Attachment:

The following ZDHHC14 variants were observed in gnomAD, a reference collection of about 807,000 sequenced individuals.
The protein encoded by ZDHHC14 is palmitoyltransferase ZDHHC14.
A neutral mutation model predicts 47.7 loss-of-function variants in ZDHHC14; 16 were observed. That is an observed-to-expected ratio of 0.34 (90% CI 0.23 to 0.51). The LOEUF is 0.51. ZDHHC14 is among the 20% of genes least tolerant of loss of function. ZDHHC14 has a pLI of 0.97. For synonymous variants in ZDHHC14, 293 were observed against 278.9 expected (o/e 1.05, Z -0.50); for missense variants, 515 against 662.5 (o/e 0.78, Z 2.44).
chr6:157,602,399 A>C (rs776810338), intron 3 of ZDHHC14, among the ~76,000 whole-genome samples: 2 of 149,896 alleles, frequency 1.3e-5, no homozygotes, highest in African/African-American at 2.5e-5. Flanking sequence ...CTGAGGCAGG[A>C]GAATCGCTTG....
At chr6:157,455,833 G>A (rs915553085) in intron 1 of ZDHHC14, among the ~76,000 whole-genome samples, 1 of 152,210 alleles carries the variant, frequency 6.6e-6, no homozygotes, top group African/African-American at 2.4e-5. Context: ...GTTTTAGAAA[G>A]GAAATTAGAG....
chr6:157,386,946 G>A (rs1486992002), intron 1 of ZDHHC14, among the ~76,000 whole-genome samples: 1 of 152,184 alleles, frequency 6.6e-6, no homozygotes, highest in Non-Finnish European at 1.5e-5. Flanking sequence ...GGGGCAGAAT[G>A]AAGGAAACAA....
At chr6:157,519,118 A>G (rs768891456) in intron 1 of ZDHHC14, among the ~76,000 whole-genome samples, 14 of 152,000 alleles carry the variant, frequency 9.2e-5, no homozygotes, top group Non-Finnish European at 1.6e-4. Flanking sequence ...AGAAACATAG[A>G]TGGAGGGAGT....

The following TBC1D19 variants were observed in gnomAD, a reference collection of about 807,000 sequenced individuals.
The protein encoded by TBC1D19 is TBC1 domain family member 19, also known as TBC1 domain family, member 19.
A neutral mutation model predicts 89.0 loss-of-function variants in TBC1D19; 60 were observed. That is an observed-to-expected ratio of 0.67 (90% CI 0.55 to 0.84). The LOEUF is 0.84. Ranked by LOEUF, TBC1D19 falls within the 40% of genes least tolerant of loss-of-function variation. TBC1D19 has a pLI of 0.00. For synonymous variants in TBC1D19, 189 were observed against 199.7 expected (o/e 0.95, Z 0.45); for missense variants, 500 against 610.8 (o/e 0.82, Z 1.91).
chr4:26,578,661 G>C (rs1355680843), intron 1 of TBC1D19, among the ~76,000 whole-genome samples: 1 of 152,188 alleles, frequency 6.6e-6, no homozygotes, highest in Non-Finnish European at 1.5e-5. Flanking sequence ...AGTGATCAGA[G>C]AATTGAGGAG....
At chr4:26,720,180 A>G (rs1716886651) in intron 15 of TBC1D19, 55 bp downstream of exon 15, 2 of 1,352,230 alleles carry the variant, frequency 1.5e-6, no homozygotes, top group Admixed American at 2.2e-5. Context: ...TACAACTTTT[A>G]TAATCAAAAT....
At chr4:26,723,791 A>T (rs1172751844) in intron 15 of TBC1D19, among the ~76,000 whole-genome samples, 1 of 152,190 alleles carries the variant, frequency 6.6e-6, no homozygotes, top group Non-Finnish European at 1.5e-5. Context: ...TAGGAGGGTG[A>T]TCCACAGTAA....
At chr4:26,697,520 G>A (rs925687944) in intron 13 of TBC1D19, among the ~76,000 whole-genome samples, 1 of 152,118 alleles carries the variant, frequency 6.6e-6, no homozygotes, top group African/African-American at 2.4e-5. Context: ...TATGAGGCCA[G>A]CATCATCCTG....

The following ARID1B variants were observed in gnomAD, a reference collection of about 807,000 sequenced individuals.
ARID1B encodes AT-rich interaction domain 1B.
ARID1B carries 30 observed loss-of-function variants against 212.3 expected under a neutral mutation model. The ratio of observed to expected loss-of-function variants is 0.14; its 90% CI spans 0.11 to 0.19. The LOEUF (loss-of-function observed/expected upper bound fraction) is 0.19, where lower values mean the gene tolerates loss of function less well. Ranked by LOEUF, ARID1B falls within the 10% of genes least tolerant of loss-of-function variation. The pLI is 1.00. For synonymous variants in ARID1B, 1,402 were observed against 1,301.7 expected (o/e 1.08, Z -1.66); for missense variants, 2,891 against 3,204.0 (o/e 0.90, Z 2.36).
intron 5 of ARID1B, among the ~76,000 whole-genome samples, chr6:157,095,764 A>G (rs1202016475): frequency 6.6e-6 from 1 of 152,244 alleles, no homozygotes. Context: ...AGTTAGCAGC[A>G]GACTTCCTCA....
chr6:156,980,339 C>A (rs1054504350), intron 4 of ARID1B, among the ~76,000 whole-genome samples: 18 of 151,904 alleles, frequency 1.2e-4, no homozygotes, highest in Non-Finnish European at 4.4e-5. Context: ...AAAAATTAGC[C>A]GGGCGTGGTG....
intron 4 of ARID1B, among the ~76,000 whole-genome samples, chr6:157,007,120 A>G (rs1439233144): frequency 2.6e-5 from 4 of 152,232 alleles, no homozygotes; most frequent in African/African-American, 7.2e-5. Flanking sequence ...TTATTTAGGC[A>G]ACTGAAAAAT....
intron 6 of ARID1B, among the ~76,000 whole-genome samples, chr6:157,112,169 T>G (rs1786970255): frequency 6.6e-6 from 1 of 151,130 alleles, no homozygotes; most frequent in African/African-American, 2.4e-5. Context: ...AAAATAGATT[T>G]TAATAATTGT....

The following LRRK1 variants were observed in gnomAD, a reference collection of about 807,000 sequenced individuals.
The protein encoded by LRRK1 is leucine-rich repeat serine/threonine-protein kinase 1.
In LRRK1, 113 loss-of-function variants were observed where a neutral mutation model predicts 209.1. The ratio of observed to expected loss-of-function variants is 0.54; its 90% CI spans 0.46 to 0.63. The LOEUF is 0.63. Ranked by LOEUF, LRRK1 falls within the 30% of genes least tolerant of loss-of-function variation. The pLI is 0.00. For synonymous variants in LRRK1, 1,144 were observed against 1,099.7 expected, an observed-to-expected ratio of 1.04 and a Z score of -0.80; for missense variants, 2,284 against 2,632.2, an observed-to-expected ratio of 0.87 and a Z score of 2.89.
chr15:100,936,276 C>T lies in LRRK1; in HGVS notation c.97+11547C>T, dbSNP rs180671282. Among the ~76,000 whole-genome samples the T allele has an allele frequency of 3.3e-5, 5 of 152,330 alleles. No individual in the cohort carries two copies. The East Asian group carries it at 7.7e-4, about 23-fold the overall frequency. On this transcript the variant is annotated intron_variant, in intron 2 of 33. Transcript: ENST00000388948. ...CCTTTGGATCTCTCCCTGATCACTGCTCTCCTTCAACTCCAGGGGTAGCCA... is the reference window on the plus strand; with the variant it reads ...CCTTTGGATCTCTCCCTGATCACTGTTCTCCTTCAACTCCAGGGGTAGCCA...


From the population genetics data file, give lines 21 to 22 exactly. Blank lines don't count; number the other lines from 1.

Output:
intron 6 of ARID1B, among the ~76,000 whole-genome samples, chr6:157,112,169 T>G (rs1786970255): frequency 6.6e-6 from 1 of 151,130 alleles, no homozygotes; most frequent in African/African-American, 2.4e-5. Context: ...AAAATAGATT[T>G]TAATAATTGT....

The following LRRK1 variants were observed in gnomAD, a reference collection of about 807,000 sequenced individuals.